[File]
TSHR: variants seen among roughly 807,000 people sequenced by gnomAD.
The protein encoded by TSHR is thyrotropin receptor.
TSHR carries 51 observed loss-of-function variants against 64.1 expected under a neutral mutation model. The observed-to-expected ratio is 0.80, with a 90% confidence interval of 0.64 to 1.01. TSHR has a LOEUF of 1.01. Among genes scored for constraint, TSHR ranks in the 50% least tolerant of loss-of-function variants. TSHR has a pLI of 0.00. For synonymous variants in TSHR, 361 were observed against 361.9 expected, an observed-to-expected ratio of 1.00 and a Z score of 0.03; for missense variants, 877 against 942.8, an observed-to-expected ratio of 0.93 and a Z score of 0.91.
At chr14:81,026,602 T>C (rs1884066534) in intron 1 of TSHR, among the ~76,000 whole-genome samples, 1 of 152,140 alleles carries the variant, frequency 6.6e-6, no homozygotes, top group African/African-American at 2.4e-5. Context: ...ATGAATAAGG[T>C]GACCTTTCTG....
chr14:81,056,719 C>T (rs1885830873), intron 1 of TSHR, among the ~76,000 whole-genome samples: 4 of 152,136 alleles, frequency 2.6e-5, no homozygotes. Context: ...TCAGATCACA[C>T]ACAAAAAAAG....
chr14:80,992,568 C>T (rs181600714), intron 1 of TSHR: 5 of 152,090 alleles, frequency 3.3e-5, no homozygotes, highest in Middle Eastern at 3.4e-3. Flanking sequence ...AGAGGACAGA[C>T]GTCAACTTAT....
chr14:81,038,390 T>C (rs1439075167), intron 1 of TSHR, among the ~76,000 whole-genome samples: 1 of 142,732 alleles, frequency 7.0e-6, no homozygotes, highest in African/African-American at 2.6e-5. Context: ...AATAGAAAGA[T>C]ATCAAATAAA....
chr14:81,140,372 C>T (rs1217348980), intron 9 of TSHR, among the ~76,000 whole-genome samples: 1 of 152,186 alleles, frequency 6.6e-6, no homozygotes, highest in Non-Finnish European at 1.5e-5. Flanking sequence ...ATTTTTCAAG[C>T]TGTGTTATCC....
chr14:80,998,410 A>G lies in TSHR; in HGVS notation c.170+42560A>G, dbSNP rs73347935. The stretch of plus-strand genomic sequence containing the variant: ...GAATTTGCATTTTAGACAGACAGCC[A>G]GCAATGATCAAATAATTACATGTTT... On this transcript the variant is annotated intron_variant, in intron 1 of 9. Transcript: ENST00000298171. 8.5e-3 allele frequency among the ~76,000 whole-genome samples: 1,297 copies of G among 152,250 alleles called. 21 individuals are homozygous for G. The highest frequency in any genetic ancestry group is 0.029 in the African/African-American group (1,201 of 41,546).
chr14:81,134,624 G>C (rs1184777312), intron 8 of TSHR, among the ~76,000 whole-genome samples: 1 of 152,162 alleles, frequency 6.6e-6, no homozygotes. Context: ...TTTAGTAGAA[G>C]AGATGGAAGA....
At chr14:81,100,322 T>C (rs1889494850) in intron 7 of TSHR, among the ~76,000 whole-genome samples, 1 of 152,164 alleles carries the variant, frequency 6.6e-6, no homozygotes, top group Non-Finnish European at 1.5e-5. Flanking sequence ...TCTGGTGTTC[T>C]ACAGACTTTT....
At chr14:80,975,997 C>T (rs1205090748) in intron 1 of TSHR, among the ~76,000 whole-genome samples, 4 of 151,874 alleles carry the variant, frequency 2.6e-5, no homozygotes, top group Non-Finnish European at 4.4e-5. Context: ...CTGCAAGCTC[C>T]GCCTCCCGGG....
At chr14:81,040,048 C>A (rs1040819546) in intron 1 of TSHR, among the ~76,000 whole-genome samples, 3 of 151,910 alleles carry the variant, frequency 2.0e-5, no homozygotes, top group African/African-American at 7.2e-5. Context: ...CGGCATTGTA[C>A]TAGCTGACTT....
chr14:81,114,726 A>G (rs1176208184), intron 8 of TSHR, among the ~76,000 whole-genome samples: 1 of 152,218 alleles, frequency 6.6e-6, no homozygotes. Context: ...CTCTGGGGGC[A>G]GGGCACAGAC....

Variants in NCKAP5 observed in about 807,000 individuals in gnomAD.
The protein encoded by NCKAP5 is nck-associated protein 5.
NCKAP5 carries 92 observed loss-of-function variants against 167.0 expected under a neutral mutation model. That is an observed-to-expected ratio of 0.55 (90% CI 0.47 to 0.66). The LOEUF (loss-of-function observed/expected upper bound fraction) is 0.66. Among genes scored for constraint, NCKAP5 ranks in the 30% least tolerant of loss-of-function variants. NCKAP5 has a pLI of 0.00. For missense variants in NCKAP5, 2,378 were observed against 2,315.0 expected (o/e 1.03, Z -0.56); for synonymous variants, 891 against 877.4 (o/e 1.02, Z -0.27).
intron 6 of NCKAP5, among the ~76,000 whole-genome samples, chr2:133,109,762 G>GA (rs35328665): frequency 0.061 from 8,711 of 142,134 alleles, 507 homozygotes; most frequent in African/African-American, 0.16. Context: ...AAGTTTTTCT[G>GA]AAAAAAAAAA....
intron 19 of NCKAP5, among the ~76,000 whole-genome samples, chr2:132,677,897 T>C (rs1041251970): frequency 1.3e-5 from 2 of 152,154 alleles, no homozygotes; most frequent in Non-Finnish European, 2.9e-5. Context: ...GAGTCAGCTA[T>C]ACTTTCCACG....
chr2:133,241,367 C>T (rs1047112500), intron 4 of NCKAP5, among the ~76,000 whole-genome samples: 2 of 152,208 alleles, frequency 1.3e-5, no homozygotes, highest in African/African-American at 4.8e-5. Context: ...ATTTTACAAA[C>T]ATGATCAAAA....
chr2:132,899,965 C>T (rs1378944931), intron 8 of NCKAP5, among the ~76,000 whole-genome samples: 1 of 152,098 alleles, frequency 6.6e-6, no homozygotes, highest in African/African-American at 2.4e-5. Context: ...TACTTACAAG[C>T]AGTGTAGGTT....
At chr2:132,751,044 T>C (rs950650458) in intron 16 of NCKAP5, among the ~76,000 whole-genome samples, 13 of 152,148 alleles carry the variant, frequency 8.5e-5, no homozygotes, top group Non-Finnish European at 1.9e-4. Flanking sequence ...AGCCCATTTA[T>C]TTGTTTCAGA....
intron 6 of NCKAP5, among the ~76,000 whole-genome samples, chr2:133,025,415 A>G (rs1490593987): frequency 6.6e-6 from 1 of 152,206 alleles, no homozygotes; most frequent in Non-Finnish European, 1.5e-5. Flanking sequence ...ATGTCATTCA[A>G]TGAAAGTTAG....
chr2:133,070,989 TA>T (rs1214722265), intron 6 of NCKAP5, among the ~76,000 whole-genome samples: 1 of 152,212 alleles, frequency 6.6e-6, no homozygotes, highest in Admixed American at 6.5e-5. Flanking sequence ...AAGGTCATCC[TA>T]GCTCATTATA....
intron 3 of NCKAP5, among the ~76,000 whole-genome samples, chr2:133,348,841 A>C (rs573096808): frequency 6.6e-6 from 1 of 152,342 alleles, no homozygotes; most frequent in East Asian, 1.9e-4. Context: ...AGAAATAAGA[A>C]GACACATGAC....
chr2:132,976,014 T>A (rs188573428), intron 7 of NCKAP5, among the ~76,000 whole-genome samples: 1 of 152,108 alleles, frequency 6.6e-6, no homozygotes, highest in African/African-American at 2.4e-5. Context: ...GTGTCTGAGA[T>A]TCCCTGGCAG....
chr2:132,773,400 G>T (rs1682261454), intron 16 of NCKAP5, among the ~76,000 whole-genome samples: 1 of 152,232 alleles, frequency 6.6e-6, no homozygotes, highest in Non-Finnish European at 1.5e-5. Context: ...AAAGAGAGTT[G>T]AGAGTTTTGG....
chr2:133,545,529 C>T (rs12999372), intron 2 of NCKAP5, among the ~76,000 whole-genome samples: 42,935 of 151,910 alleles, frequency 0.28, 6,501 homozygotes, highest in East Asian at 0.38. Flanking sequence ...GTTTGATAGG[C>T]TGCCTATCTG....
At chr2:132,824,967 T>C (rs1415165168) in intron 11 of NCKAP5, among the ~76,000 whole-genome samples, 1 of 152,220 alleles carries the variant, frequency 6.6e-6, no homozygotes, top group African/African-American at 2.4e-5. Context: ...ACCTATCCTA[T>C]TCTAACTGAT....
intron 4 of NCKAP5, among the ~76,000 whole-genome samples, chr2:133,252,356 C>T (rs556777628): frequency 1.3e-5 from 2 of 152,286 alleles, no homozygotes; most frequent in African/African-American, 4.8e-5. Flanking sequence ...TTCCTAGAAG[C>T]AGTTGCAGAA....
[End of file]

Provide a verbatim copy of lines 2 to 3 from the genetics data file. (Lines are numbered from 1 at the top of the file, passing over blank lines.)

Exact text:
The protein encoded by TSHR is thyrotropin receptor.
TSHR carries 51 observed loss-of-function variants against 64.1 expected under a neutral mutation model. The observed-to-expected ratio is 0.80, with a 90% confidence interval of 0.64 to 1.01. TSHR has a LOEUF of 1.01. Among genes scored for constraint, TSHR ranks in the 50% least tolerant of loss-of-function variants. TSHR has a pLI of 0.00. For synonymous variants in TSHR, 361 were observed against 361.9 expected, an observed-to-expected ratio of 1.00 and a Z score of 0.03; for missense variants, 877 against 942.8, an observed-to-expected ratio of 0.93 and a Z score of 0.91.